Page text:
It wasn’t long until they knew that the family would soon number seven. Dianne was happy. She enjoyed the family and one more child would just make it that much happier. Except for the fact that she still felt uneasy.

The following April, Tina was born. Grace had decided to come to San Francisco for Tina’s birth. Dianne was not disturbed about it for she knew Gary would not succumb to any advances by Grace.

Tina was just three days old when Gary, Dianne, Grace, and the now large family, drove up to St. Helena to view the home of Ellen G. White. Though it meant little to Gary, Grace and Dianne were enthralled to see the living quarters of their prophetess. Grace took pride in telling everyone, “That baby is only three days old, can you believe it? Look at them. Three days old and they are doing so well.” Grace of course, was remembering her own labor and delivery and her ten-day stay at the hospital.

Grace stayed on for two weeks after Tina was born and then went back to Seattle. It was probably the best time that Dianne had ever spent with her Mother since she had first married at nearly seventeen years old.

Dianne was now twenty-eight years old.

Gary would leave the Army after this stint and he and Dianne decided that they would return to Portland, Oregon to make their home. Everything now was focused upon “when they got out” though the time was still nearly two years away.

Dianne’s unease kept growing and she finally faced Gary with it. She was disturbed by the blue dress and the fish net stockings. Gary tried to placate her by telling her that they were only a memento but it bothered Dianne greatly. Gary was not acting right either, though Dianne could not place her finger on it.

He began to ask Dianne to put color in his hair and to do it up in rollers. Dianne accommodated his requests but it left her feeling sickened. Dianne did a lot of sewing for the family and Gary asked her to make shorts for him “just like hers” but different, in that Dianne’s shorts were loose-fitting and Gary wanted his to be skin tight.

They had been attending the Seventh-day Adventist church in a nearby town and Dianne rejoiced at having God in her life and an appearance of religiosity, at least. No mention was ever made of her former marriage or involvement in the church.

Probably because of Dianne’s restlessness, the couple began to argue. A lot. There wasn’t ever a real reason to argue, it was only that feelings were on edge. Dianne had problems trying to figure out what Gary was trying to portray with his dyed and curled hair and his skintight shorts. She was so disturbed that she suggested that they obtain marital counseling. Gary agreed.

After a couple of sessions with the counselor, communication began to flow more smoothly. Gary decided they didn’t need any more counseling and so they quit going. But it wasn’t long until they were back in the old mode of arguing nearly every day. They did well at keeping it from their happy family, though, and the children grew and thrived.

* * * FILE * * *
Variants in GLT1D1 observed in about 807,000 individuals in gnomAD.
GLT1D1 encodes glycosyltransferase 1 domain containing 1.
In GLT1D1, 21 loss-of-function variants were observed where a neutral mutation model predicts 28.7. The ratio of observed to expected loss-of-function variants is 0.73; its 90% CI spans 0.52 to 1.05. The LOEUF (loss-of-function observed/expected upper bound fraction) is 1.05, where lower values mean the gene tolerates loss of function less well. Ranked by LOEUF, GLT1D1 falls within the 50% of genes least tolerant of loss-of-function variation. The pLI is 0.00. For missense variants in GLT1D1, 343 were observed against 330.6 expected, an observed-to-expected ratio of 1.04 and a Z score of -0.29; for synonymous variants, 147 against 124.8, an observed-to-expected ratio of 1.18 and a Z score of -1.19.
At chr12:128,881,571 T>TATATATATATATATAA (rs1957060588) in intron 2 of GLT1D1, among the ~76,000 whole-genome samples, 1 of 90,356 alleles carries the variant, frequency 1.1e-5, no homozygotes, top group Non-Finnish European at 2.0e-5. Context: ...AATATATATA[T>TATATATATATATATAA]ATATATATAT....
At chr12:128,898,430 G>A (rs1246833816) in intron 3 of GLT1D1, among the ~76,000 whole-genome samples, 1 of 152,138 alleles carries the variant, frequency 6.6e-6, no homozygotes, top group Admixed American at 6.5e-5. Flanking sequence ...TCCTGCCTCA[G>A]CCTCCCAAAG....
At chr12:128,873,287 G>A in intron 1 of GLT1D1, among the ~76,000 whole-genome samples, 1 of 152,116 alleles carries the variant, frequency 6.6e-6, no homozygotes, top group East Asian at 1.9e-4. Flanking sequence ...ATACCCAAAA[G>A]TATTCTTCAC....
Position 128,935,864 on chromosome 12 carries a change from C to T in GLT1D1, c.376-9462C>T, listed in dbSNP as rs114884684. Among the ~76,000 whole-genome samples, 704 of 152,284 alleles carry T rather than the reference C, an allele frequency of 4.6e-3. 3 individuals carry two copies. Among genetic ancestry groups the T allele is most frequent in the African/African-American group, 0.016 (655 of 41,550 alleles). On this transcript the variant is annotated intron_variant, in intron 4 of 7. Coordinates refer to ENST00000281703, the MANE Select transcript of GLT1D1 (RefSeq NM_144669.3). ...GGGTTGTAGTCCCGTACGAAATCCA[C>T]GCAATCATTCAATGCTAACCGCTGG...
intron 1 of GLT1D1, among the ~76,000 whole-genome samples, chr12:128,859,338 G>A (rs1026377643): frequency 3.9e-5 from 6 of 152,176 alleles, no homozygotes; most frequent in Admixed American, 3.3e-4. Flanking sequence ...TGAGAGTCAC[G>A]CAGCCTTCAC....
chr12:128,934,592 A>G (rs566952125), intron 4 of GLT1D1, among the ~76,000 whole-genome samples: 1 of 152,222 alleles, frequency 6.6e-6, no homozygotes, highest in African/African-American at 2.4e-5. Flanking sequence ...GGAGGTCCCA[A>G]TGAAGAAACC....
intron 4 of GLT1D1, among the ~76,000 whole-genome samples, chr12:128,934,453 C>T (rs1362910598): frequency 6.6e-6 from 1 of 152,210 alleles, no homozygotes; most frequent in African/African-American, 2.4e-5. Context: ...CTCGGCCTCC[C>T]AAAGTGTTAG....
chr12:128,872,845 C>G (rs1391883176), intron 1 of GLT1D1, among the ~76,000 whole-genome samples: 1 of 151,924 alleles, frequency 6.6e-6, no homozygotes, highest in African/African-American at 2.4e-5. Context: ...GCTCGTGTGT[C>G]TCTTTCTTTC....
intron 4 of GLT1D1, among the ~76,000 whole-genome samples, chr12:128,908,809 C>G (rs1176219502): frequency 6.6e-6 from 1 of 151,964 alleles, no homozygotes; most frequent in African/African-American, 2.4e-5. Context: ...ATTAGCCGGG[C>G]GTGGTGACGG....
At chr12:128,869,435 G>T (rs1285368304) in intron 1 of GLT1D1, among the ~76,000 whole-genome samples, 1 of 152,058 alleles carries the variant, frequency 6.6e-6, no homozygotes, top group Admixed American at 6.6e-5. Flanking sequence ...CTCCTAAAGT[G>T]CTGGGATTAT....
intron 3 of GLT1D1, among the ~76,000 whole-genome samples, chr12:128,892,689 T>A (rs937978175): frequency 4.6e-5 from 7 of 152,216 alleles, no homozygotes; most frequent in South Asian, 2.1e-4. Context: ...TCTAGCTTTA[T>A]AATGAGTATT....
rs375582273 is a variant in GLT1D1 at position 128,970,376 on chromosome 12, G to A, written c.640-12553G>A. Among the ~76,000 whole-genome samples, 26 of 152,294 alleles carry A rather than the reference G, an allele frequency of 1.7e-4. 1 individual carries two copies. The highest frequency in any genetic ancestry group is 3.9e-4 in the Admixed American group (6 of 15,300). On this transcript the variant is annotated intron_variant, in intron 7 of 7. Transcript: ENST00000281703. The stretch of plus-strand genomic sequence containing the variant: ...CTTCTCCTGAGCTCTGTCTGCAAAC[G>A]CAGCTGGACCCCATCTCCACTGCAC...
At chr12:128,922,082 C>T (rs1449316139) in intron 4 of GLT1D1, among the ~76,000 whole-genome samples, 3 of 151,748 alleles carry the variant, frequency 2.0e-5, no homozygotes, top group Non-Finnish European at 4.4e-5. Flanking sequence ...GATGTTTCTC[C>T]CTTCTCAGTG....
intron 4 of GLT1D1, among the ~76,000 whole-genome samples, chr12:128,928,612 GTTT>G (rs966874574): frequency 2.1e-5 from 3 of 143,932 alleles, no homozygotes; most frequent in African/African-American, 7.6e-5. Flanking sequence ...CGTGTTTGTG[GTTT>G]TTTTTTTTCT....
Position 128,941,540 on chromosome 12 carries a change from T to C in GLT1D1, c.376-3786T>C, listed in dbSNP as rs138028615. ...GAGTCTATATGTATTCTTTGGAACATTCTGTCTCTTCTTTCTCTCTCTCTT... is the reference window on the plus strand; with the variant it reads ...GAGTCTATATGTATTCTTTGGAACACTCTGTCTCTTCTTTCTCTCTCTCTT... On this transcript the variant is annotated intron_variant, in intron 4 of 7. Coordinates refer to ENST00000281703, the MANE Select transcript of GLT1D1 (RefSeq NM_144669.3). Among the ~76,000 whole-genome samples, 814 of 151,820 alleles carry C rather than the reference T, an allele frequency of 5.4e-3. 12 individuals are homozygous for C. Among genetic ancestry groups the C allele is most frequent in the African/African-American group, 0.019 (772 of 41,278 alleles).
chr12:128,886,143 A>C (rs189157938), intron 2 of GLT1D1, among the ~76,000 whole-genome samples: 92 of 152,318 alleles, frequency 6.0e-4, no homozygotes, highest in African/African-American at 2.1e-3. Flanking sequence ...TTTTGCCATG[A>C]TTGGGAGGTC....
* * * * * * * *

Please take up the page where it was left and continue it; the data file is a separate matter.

A few more months of arguing made Dianne ready to leave the marriage. Gary begged her to stay and Dianne told him she would only stay on the condition that they follow through with the marital counseling. Once more they attended counseling sessions. Again it had a positive effect upon the marriage. Communication began to flow smoothly once more and Gary again decided they didn’t need any more counseling. The entire routine repeated itself once more with more sessions with the counselor, more promises, more improved communication, dropping out of counseling and another return to arguing. This time though, they were close to Gary’s discharge from the Army and they got caught up in the excitement of finding a home in Portland to purchase and preparing themselves for what they hoped would be their final move.

The day to clear quarters finally arrived, Dianne bade farewell to her cozy home on the Presidio, and the family moved into the Guest house for the final separation from the military. The final payday came, and Gary went to get his check but it had been withheld until his final separation. Once more the family was without funds and the children were hungry.

Gary went over to the Safeway grocery store to see if he could find something cheap for the kids to eat. This time they had no cooking facilities so they would, of necessity, have to eat instant foods, which were even more expensive. Gary however, had happened upon a banana sale. He could purchase an entire 40-pound box of bananas for $1.00 and he came back to the Guest house grinning from ear to ear, toting 40 pounds of bananas. The children were allowed to eat bananas whenever they desired. They thought it was great!!

Tina was still a tiny baby and she had to have her special baby foods but even she was able to eat a bit of banana here and there. It wasn’t long until the rooms they occupied were permeated with the smell of bananas. Tina and Janelle’s diapers smelled like bananas, the smell of bananas was on the breath of the rest of the children, the garbage buckets were full of banana peels. Dianne mentions today, that she is curious what the maids thought when they came to do up their rooms and the garbage cans were always heaped with banana peels.

The day of finally mustering out arrived and the family, now flush with not only the missing paycheck but also with travel pay and mustering-out pay, had their first really solid meal in a week. By now they had two station wagons. Dianne drove one filled with their plants and fish tanks and Gary drove the other with the belongings they would need until their furniture arrived. The children were divided up between them and they started out on their way to Oregon—home for Dianne.